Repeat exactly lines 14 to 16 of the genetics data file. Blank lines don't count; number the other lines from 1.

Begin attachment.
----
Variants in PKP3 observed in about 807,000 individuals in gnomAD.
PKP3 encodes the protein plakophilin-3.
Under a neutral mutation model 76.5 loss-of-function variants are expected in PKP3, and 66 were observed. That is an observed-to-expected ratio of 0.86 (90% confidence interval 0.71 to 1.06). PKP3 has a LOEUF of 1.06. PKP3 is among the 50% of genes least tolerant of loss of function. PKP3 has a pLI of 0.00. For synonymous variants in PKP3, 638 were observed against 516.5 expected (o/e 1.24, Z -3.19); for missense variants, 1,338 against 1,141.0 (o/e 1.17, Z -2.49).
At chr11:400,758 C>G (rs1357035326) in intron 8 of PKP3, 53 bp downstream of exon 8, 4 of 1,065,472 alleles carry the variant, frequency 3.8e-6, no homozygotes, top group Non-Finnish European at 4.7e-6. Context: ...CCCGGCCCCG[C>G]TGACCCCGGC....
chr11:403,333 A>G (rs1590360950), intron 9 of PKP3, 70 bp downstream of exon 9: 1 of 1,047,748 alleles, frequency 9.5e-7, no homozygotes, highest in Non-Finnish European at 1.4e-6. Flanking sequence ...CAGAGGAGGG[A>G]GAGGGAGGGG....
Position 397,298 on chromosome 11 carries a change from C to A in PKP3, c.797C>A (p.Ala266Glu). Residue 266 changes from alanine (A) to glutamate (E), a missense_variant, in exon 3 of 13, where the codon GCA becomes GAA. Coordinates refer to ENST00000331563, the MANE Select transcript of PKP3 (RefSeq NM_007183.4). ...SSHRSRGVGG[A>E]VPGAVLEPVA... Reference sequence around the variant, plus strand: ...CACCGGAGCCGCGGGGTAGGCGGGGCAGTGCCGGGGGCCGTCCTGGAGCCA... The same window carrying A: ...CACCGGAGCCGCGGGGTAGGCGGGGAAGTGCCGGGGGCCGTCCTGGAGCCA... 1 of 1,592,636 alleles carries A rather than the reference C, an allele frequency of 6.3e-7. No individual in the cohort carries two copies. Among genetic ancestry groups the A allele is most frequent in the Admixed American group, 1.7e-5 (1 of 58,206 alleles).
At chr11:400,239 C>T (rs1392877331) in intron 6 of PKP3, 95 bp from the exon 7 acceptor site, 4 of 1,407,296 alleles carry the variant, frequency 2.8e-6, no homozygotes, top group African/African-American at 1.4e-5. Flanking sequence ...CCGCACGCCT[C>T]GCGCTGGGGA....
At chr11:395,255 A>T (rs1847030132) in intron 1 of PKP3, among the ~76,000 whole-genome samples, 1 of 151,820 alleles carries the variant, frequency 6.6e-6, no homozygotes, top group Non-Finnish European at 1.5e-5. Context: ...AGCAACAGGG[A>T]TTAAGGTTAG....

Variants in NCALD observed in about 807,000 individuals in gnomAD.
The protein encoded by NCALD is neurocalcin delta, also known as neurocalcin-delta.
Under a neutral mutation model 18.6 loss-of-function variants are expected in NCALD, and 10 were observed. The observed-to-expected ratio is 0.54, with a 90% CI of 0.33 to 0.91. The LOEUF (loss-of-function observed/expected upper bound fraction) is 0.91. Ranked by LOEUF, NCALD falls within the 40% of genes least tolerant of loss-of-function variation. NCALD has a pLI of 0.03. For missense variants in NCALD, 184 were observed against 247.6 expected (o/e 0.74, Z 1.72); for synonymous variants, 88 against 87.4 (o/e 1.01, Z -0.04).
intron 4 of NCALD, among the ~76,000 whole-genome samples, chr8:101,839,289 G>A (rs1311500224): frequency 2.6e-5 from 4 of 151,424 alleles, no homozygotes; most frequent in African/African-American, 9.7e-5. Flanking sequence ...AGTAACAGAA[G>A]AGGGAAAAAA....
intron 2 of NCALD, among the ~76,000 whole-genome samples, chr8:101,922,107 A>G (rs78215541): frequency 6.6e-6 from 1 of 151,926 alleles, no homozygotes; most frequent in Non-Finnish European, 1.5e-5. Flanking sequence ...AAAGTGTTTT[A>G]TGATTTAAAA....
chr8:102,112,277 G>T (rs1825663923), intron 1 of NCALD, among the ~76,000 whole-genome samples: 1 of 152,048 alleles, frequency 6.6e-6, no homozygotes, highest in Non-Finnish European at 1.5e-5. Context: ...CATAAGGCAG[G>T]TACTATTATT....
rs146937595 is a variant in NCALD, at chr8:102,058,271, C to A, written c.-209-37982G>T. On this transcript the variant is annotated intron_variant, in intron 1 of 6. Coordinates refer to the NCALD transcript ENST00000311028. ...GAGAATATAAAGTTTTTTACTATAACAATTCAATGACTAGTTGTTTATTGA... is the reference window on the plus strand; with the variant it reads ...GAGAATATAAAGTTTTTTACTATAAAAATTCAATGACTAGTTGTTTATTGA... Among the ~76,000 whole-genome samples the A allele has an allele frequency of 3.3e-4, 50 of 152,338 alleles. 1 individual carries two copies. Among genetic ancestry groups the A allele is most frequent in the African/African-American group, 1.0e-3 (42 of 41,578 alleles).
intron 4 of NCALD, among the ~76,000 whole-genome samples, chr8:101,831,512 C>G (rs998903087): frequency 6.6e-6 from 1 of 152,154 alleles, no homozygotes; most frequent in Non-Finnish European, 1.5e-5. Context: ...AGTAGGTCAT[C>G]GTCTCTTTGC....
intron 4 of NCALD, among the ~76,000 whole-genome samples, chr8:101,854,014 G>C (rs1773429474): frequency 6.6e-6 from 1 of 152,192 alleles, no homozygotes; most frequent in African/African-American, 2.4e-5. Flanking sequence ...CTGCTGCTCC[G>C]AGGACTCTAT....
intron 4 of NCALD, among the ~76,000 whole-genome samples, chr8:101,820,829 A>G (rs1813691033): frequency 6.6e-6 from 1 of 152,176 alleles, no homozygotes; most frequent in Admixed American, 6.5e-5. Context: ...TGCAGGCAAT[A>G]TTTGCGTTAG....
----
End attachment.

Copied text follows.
chr8:102,112,277 G>T (rs1825663923), intron 1 of NCALD, among the ~76,000 whole-genome samples: 1 of 152,048 alleles, frequency 6.6e-6, no homozygotes, highest in Non-Finnish European at 1.5e-5. Context: ...CATAAGGCAG[G>T]TACTATTATT....
rs146937595 is a variant in NCALD, at chr8:102,058,271, C to A, written c.-209-37982G>T. On this transcript the variant is annotated intron_variant, in intron 1 of 6. Coordinates refer to the NCALD transcript ENST00000311028. ...GAGAATATAAAGTTTTTTACTATAACAATTCAATGACTAGTTGTTTATTGA... is the reference window on the plus strand; with the variant it reads ...GAGAATATAAAGTTTTTTACTATAAAAATTCAATGACTAGTTGTTTATTGA... Among the ~76,000 whole-genome samples the A allele has an allele frequency of 3.3e-4, 50 of 152,338 alleles. 1 individual carries two copies. Among genetic ancestry groups the A allele is most frequent in the African/African-American group, 1.0e-3 (42 of 41,578 alleles).
intron 4 of NCALD, among the ~76,000 whole-genome samples, chr8:101,831,512 C>G (rs998903087): frequency 6.6e-6 from 1 of 152,154 alleles, no homozygotes; most frequent in Non-Finnish European, 1.5e-5. Context: ...AGTAGGTCAT[C>G]GTCTCTTTGC....